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Volume 24 No. 176
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Changing Viewer Habits Keeps Live Sports Consumption High Despite Lower Ratings

People in the sports industry have been searching for answers to the television ratings decline in an era of ever-changing viewing habits, but panelists on Day 1 of the ’17 Stadium Sports Marketing Symposium had a relatively optimistic take. NHL Exec VP & CRO Keith Wachtel said, “The doom and gloom that everyone is talking about in sports is quite frankly very overblown. Sports is a tremendous place for marketers and it’s great for broadcasters. Certainly, there’s issues in finding consumers that will continue to support sports. The way they’re watching, consuming, it’s changing. And we’re all facing the same issue. The question is how we turn that issue and find ways to solve it.” Wachtel noted people are “watching, they’re consuming, we’re just not sure how and where." He said, "It’s not an issue that is a discussion of TV ratings decreasing every day. If you’re a marketer and you want to find a place to put your money, live is the best place to put it, there’s just different ways to do it now.” Stadium Senior VP/Revenue Dan Scalia said, “As we approach delivering content across all these different experiences and platforms we also have to recognize that what a consumer is doing on a platform like Twitter or a platform like Facebook could be entirely different. We have to recognize what that kind of customer experience needs to look like. Following that consumer journey is going to differ, which presents quite a bit of challenges.” NFL Senior VP/Sponsorship & Partnership Management Renie Anderson is also bullish on the live sports product. Anderson: “Sports has the best content on the planet. The challenge and the responsibility that we all have is that we can’t get complacent. We’ve got a real responsibility to make sure that we’re going everywhere our consumer is and understanding how they’re going to consume.”

DATA DREAMS: Speculation has risen that when the next series of media rights deals for leagues come up, streaming platforms such as Facebook and Amazon will be big players. “It’s all about the data and that’s the most valuable piece of Amazon,” Wachtel said. “As a property, if I can find out who’s watching, what products they’re buying, who’s their favorite team, that is so invaluable.” He added, “I don’t believe there’s going to come a day where the Amazons in the world replace the NBC’s, ABC’s and ESPN’s, but the data is going to be extremely valuable. If we can have that data, it changes the game because now you have the ability to understand your consumer.” Scalia: “If Amazon, Twitter and Facebook are three of the destinations you’re delivering content to there needs to be some sort of consolidation, not necessarily from a merger, but sharing data to better understand who that consumer is. Oftentimes someone who is using on Twitter is going to be the same person using on Facebook. So better understanding who that consumer is will better provide that one silver lining or magic bullet of what is that person.”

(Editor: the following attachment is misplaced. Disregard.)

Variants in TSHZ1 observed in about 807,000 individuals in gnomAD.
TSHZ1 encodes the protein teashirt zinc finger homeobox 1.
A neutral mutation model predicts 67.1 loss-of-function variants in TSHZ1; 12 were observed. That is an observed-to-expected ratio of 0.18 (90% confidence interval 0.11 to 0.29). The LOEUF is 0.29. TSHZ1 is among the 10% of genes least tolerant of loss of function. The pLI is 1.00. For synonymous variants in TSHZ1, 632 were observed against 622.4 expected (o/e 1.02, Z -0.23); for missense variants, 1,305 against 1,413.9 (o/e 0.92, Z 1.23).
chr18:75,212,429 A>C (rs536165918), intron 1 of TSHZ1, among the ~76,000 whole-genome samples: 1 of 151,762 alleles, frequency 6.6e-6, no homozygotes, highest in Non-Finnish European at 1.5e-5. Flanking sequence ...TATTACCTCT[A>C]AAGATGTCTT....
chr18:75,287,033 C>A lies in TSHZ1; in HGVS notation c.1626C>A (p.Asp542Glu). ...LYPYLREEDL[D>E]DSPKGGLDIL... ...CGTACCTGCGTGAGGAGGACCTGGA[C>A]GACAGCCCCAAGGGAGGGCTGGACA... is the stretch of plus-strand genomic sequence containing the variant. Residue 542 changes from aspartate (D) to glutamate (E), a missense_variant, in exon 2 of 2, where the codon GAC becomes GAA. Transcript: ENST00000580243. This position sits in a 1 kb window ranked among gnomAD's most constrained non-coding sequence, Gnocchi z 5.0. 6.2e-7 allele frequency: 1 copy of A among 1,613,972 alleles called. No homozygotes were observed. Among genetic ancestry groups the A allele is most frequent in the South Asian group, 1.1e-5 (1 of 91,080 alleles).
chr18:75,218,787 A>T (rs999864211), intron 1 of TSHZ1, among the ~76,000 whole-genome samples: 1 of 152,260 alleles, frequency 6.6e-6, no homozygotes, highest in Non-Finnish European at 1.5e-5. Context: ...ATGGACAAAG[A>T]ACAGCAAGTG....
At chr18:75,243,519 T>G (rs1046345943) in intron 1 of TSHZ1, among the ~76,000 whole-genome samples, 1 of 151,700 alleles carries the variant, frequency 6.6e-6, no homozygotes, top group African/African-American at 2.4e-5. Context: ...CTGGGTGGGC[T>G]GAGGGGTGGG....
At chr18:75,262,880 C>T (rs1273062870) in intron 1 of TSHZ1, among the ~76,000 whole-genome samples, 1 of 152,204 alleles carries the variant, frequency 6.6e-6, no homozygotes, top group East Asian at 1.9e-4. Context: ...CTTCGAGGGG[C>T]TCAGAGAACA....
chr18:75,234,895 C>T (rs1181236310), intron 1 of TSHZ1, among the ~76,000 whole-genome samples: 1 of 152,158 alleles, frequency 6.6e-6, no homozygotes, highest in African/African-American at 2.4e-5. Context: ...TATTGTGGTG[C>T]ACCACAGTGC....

PATCH PERFECT: The panel also looked at this year’s jersey patch deals that NBA teams have been able to secure and whether other leagues would be able to do the same. Wachtel said, “It’s a great new revenue stream. But personally, I watched a bunch of NBA games and I can’t see the patch. You just can’t see it on television. I know companies are doing it for a much better play at the local level. I think it’s something that’s interesting, but ultimately there’s other, more effective ways to generate new revenue streams than just adding a patch. But for us it was successful for the World Cup. We did it on the shoulder, so it was much bigger.” He added, “If we can do it and get the value I think our commissioner would be open to it, but right now there are other ways that we see to bring in additional revenue streams.” Anderson emphasized the importance of authenticity for the NFL when it comes to looking at new revenue streams such as jersey patches. “We have a little bit of a different model because we have the beachfront property of our sidelines,” she said. “We have real authentic integration of the surface tablet that truly helps run the game, Bose head phones for our coaches and Gatorade hydrating our players. Not every sport has that. We have the ability to continue to evolve that sideline and when we’ve exhausted all efforts there, I’m sure it’s something we can potentially support.”